Economic Policy

Economic policy in relation to the Arctic includes both a territorial and a constitutional dimension. With regard to land, it encompasses Alaska; the Yukon and Northwest Territories, Northern Québec, Labrador; Greenland; Iceland; and the northern counties of Norway, Sweden, and Finland plus Russia and Siberia. Seen in relation to the constitutional dimension and sovereignty, it includes the eight Arctic states: Canada, Denmark, Finland, Iceland, Norway, Russia, Sweden, and the United States. Only for Iceland do the territorial and the constitutional dimensions coincide. To understand economic policy, it is necessary to understand that Arctic mineral and energy resources are rich and include about 12% of the world resources, while the population is sparse and includes indigenous peoples. The Arctic states include some of the big players in international power play. These facts constitute the arena for Arctic economic policy and gives Arctic policy a geostrategic dimension and importance.

The present eight Arctic states have, over time, had a different position and different interests in economic policy concerning Arctic matters. Denmark and Norway were one kingdom until 1814 (The Kiel Peace Treaty) including Iceland, which was brought into the kingdom together with Norway at the end of the 1300s and part of the Danish Realm till it became a republic in 1944. Greenland was a Danish colony till 1953, and a Danish jurisdiction with Home Rule from 1979. The main Danish economic policy of 1814 was a Mare Nostrum policy, including the North Atlantic Ocean, Sweden and Finland were one state till about 100 years ago with no specific economic policy toward the Arctic. For Canada, Russia, and the United States, the Arctic regions were mostly unknown hinterlands.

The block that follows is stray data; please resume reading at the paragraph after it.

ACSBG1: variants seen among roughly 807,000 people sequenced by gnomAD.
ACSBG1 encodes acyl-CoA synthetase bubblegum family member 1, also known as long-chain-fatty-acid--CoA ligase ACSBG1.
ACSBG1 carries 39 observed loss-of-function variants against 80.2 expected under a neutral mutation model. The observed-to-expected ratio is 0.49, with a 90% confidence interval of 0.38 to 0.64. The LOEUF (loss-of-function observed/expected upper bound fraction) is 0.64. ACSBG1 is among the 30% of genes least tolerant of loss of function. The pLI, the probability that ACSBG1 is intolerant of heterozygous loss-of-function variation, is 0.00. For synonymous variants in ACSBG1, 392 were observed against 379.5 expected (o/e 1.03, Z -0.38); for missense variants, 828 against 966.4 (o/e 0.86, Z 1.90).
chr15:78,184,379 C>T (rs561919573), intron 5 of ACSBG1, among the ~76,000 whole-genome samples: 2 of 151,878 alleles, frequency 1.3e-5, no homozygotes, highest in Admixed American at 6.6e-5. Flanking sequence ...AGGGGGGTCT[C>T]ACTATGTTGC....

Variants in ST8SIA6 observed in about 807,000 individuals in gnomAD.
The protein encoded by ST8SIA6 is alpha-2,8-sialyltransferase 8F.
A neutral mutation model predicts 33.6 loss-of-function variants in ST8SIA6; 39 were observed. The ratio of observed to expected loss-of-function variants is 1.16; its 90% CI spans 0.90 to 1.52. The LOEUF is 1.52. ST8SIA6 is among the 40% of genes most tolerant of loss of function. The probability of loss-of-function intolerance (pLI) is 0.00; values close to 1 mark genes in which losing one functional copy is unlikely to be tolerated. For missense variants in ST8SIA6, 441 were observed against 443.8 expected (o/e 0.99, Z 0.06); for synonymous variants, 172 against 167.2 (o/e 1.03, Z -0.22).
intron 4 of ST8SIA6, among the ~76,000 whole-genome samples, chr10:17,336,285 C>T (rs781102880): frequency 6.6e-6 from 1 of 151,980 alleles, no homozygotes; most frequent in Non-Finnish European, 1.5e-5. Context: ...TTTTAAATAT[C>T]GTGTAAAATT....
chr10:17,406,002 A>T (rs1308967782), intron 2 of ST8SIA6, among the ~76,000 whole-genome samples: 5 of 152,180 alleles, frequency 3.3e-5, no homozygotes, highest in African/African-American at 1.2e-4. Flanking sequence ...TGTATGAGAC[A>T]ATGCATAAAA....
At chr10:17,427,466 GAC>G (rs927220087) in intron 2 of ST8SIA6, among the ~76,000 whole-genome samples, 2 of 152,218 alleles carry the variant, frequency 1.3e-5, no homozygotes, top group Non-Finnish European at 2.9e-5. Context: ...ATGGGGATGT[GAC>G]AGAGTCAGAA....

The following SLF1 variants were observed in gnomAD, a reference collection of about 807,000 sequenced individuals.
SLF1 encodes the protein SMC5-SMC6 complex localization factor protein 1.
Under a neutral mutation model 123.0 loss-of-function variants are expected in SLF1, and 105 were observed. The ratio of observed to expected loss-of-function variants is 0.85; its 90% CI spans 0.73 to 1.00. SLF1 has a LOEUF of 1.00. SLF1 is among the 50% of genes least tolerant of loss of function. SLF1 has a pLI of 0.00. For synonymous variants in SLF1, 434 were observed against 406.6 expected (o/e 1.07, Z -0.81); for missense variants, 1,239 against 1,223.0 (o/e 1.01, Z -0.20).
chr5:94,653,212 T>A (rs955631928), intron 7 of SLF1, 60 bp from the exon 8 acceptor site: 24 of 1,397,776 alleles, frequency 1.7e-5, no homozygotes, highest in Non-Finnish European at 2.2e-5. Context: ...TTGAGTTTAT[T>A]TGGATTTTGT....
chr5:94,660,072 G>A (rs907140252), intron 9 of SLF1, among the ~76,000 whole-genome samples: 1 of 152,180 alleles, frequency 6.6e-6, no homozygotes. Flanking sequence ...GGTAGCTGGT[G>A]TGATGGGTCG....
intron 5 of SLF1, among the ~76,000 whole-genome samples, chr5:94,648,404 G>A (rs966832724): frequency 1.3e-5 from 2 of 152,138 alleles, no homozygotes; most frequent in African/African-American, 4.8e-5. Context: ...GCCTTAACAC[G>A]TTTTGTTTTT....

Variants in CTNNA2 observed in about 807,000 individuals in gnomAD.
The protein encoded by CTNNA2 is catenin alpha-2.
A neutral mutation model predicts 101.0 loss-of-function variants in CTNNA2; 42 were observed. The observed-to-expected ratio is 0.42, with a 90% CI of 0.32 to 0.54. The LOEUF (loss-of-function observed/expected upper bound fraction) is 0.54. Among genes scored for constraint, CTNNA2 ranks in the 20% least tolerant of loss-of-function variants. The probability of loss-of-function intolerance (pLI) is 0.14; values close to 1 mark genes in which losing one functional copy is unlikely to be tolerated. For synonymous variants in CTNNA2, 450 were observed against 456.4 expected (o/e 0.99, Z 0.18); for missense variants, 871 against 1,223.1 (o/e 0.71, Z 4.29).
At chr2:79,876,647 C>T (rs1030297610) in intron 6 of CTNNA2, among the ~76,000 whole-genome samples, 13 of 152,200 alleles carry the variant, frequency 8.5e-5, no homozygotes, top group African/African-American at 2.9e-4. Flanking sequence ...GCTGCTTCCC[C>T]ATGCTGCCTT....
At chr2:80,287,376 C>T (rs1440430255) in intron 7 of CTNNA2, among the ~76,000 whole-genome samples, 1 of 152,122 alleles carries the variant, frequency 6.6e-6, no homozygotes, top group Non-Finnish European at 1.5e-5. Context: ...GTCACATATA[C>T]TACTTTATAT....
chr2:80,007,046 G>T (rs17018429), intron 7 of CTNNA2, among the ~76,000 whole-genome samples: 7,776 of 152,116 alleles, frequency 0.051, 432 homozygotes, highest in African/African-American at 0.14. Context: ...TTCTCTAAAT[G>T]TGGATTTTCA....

The Greenlandic colonial status was due to the disappearance of the Vikings presumably sometime between 1350-1400. As the Danish Royal expeditions (organized in order to protect the Danish Kingdom "Mare Nostrum" from the increasing interests of the Netherlands and UK) came to Greenland more than 200 years later and found no Nordic people surviving and no Christianity, only one status was possible—that of a colony. In 1721, the priest Hans Egede was sent to Greenland to christen the inhabitants. Greenland is the only territory in the Arctic that has had a formal colonial status. The economic idea in a colony is that it shall create an economic surplus for the state. As seen from the old colonial accounts, this was the case till about 1850. From then until 1925, official policy was that the account should be in balance. In the 20th century, the account result was more volatile, a surplus when the cryolite corporation 0resund Ltd. operated successfully, but the rest of the time a deficit. Since the end of colonial status in 1953, the net income transfer from the Danish state to Greenland has been very large. The Danish Greenland policy was to modernize Greenland to the same level as in Denmark. It was considered a task for experts, and upon modernization, Greenland should function without income transfer from the Danish state.

Finland, Sweden, and Norway are considered to be unitary states in their constitutions although all the states have an indigenous people, the Saami, living inside their northern borders. When the Nordic welfare state was developed after World War II, it took place in a state-market mix called the mixed economy. It implied the beginning of comprehensive income transfer to the Arctic and northern areas and to people living there.

In Iceland the task was to show that voting for becoming a sovereign state in 1944 was the right decision (97% of the votes were in favor of Iceland becoming a state), and the way to show it was to create economic growth and a welfare state.

Except for Iceland, the various economic policies ran into unexpected troubles. It was possible to create economic development in the North, but not without current comprehensive income transfers from the state.